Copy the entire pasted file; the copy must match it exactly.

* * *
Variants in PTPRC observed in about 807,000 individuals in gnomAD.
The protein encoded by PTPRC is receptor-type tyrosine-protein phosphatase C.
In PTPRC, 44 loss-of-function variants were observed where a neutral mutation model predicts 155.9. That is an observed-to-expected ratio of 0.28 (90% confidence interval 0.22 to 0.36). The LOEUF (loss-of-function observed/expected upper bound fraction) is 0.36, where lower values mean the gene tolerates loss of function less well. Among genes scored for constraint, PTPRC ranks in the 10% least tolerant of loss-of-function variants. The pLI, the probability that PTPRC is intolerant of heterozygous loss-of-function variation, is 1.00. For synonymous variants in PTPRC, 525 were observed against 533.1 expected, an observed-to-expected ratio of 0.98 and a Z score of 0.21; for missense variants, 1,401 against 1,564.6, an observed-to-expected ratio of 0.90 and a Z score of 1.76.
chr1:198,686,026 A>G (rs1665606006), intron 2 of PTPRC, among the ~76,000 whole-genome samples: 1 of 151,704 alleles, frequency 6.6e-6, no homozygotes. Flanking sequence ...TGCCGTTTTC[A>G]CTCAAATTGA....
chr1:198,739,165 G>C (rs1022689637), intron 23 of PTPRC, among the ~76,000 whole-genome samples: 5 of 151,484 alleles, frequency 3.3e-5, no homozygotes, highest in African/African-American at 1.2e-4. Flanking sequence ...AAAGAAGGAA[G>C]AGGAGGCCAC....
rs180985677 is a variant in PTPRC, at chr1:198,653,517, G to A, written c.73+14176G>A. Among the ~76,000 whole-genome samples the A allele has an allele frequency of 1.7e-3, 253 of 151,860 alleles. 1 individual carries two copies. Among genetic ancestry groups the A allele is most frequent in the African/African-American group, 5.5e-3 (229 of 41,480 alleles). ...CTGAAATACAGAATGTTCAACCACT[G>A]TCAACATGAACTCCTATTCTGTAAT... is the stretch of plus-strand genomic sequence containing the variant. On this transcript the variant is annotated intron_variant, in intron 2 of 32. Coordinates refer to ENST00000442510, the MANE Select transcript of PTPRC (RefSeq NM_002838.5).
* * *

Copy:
Variants in PTPRC observed in about 807,000 individuals in gnomAD.
The protein encoded by PTPRC is receptor-type tyrosine-protein phosphatase C.
In PTPRC, 44 loss-of-function variants were observed where a neutral mutation model predicts 155.9. That is an observed-to-expected ratio of 0.28 (90% confidence interval 0.22 to 0.36). The LOEUF (loss-of-function observed/expected upper bound fraction) is 0.36, where lower values mean the gene tolerates loss of function less well. Among genes scored for constraint, PTPRC ranks in the 10% least tolerant of loss-of-function variants. The pLI, the probability that PTPRC is intolerant of heterozygous loss-of-function variation, is 1.00. For synonymous variants in PTPRC, 525 were observed against 533.1 expected, an observed-to-expected ratio of 0.98 and a Z score of 0.21; for missense variants, 1,401 against 1,564.6, an observed-to-expected ratio of 0.90 and a Z score of 1.76.
chr1:198,686,026 A>G (rs1665606006), intron 2 of PTPRC, among the ~76,000 whole-genome samples: 1 of 151,704 alleles, frequency 6.6e-6, no homozygotes. Flanking sequence ...TGCCGTTTTC[A>G]CTCAAATTGA....
chr1:198,739,165 G>C (rs1022689637), intron 23 of PTPRC, among the ~76,000 whole-genome samples: 5 of 151,484 alleles, frequency 3.3e-5, no homozygotes, highest in African/African-American at 1.2e-4. Flanking sequence ...AAAGAAGGAA[G>C]AGGAGGCCAC....
rs180985677 is a variant in PTPRC, at chr1:198,653,517, G to A, written c.73+14176G>A. Among the ~76,000 whole-genome samples the A allele has an allele frequency of 1.7e-3, 253 of 151,860 alleles. 1 individual carries two copies. Among genetic ancestry groups the A allele is most frequent in the African/African-American group, 5.5e-3 (229 of 41,480 alleles). ...CTGAAATACAGAATGTTCAACCACT[G>A]TCAACATGAACTCCTATTCTGTAAT... is the stretch of plus-strand genomic sequence containing the variant. On this transcript the variant is annotated intron_variant, in intron 2 of 32. Coordinates refer to ENST00000442510, the MANE Select transcript of PTPRC (RefSeq NM_002838.5).